The Rincon Bluffs Preserve

The Rincon Bluffs Preserve will not be developed per a city of Carpinteria conservation easement set to take effect on Friday, March 27.

The Rincon Bluffs Preserve, a scenic oceanfront property zoned for a destination resort at the eastern edge of Carpinteria, is slated to be transferred this week to the city and managed forever as public open space.

The city is expected to close escrow on Friday on the 22-acre preserve at the junction of Carpinteria Avenue and Highway 150, purchasing it for $945,000 from the Land Trust for Santa Barbara County, a nonprofit preservationist group.

“This is much more than a local park: this is a regional treasure,” Matt Roberts, Carpinteria’s parks and recreation director, said this week. “It’s a very significant addition to the nature and trail network in Carpinteria.”

On Tuesday, the county Board of Supervisors approved the final $145,000 for the purchase; the money comes from funds that offshore oil and gas projects provide to the county for coastal resource enhancement. The state Coastal Conservancy and Natural Resources Agency contributed the remaining $800,000.

With the Rincon Bluffs in hand, Roberts said, the city hopes nearly to complete a five-mile public hiking and biking trail from the Carpinteria Salt Marsh Reserve east through the city’s Tar Pits Park and Carpinteria Bluffs Nature Preserve to the county’s Rincon Beach Park.

Ted Rhodes, president of Citizens for the Carpinteria Bluffs, a nonprofit group that was formed in 1996, said he felt fortunate to live in a small town with so much parkland.

“Time and time again, Carpinterians demonstrate how much they value open space and this beautiful natural environment that we live in,” he said. “The community remains very strong about saving more of the Bluffs.”

At the close of escrow on Friday, the city will convey a conservation easement to the Land Trust, ensuring that the Rincon Bluffs can never be developed. The trust purchased the property in 2017 for $6 million in county and state grants and local donations. With a conservation easement, the land is worth much less—but to the community, Roberts said, “It’s priceless.”  

For decades, Carpinterians fought off developers’ proposals for hotels, business parks, housing tracts and oil refineries on the bluffs. Arturo Tello, a Carpinteria landscape painter and former president of the citizens’ group, recalled this week how more than 3,000 donors, many of them schoolchildren and businesses armed only with collection cans, helped save the Bluffs Nature Preserve. That 52-acre property was purchased by the Land Trust in 1998 for $3.9 million, and the city took ownership in 2000.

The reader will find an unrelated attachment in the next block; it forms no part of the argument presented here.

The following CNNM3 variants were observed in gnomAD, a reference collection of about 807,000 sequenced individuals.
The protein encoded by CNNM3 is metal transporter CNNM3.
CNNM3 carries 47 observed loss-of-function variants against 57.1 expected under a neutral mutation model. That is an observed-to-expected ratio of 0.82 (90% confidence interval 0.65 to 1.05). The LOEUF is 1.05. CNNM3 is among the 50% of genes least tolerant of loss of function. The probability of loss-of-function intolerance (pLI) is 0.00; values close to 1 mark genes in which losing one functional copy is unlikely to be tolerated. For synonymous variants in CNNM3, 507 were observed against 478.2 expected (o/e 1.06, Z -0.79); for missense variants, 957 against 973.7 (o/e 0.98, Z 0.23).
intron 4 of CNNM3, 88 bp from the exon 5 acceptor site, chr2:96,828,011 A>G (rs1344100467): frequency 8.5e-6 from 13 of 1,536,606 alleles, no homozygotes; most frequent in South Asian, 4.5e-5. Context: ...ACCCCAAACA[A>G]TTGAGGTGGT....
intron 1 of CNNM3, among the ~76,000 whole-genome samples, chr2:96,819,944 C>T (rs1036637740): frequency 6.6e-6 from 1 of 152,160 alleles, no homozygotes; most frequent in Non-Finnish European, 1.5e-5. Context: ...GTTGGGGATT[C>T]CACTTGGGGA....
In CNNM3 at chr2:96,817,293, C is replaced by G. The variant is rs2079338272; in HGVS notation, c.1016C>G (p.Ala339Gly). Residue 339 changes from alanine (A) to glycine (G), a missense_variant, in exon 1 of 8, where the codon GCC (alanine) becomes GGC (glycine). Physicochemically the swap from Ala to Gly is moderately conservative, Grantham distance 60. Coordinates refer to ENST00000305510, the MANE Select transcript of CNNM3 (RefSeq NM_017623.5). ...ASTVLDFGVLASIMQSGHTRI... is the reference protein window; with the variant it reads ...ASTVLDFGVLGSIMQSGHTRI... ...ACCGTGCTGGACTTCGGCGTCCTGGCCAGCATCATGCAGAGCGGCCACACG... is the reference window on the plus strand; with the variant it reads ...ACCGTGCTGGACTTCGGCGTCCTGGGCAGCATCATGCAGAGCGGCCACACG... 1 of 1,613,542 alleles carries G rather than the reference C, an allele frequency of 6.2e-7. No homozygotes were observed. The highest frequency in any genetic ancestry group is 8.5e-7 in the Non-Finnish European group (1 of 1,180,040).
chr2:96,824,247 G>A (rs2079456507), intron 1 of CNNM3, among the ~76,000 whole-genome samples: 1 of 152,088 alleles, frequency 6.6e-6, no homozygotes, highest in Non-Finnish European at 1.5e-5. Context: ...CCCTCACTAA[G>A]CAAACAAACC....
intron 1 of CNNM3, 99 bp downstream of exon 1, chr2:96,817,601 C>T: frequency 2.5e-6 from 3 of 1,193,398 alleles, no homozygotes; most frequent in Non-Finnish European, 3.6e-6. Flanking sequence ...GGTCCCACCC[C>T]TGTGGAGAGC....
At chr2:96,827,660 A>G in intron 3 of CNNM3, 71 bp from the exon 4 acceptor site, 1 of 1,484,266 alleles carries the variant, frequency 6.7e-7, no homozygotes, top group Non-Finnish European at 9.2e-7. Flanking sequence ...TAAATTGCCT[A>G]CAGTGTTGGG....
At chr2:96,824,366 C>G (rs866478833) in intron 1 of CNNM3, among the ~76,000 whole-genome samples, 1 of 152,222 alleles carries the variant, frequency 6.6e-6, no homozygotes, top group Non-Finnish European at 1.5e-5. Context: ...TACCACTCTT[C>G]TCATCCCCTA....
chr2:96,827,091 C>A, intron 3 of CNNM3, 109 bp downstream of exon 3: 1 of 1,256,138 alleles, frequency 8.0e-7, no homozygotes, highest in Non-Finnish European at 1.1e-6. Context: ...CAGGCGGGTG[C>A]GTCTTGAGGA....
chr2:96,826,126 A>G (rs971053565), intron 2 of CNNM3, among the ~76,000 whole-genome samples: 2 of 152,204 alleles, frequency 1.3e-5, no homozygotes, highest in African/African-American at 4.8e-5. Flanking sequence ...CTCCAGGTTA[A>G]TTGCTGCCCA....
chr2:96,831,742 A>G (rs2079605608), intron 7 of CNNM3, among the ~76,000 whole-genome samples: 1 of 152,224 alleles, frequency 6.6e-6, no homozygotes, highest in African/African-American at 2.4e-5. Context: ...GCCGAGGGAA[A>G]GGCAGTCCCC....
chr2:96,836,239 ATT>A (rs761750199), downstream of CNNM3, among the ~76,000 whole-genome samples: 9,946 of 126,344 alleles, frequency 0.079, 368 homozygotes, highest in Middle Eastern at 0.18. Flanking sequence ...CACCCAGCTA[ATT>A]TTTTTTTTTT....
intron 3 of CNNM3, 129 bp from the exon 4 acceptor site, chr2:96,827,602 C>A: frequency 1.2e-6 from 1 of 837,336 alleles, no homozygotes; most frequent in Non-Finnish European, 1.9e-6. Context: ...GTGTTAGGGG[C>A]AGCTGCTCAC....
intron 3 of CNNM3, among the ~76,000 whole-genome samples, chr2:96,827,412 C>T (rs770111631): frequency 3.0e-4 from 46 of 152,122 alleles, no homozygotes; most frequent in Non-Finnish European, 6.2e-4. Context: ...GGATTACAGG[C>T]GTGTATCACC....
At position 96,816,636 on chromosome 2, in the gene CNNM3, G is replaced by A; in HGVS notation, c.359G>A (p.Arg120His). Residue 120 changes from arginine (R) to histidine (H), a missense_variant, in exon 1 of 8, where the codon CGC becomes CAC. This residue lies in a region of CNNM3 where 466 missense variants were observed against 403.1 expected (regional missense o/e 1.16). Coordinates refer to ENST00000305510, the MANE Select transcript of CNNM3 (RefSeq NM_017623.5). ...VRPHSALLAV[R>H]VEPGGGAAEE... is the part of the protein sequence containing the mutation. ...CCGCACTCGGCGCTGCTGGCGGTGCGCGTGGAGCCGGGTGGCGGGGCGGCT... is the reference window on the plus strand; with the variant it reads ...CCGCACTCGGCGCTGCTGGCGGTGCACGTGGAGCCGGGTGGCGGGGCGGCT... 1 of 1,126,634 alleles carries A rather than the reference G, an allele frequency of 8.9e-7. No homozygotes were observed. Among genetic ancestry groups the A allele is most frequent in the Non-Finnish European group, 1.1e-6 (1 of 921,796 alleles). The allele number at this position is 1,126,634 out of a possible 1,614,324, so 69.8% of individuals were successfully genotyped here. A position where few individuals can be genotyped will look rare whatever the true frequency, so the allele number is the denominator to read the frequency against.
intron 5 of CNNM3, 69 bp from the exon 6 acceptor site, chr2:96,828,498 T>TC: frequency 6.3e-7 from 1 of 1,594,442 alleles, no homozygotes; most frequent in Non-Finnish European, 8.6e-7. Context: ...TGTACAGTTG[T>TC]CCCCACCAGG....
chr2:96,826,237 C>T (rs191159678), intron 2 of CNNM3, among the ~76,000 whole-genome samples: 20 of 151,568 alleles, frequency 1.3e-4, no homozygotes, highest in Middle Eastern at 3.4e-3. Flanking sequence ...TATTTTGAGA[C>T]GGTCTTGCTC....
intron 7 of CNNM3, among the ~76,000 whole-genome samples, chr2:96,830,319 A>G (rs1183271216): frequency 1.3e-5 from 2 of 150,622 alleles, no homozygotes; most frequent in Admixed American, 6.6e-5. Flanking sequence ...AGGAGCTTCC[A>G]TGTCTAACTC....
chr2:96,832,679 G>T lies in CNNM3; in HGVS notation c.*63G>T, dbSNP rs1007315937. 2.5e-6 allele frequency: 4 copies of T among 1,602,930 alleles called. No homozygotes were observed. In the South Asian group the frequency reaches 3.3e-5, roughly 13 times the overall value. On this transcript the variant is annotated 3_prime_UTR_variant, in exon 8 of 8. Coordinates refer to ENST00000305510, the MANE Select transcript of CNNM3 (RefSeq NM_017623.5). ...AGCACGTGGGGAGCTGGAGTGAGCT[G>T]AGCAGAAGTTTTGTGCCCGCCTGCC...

More than 1,400 individual donors stepped up to help save the Rincon Bluffs. For Carpinterians, Tello said, it’s all been “like winning the lottery, for sure.”

“Let’s not look at this as an opportunity to own something,” he said. “It’s an opportunity to give ourselves to something sacred. I have a firm belief that we can consecrate a place, and the way we do that is with our attention, our love and our presence.”

Tello said he paints on the bluffs “any day I can get out there,” using the eucalyptus trees and dirt paths as a foreground for the light that plays on the land and the sea.

“This place is brimming with life,” he said.

In addition to a trail, the city plans to build a visitor parking lot, restroom, outdoor amphitheater and coastal overlooks at the Rincon Bluffs, Roberts said. Non-native vegetation will be replaced with native plants such as coastal sage and coastal scrub. The Land Trust will monitor and enforce the terms of the conservation easement. A $1 million endowment provided by the trust will help fund the improvements.

In all, the land generally known as the Carpinteria Bluffs covers about 150 acres east of City Hall. Private property there includes a golf driving range, a corporate office campus, and a former Chevron oil and gas processing plant that is being decommissioned.

“There might be opportunities to strengthen this coastal open space network in the future,” Roberts said.

Melinda Burns is a freelance journalist based in Santa Barbara.

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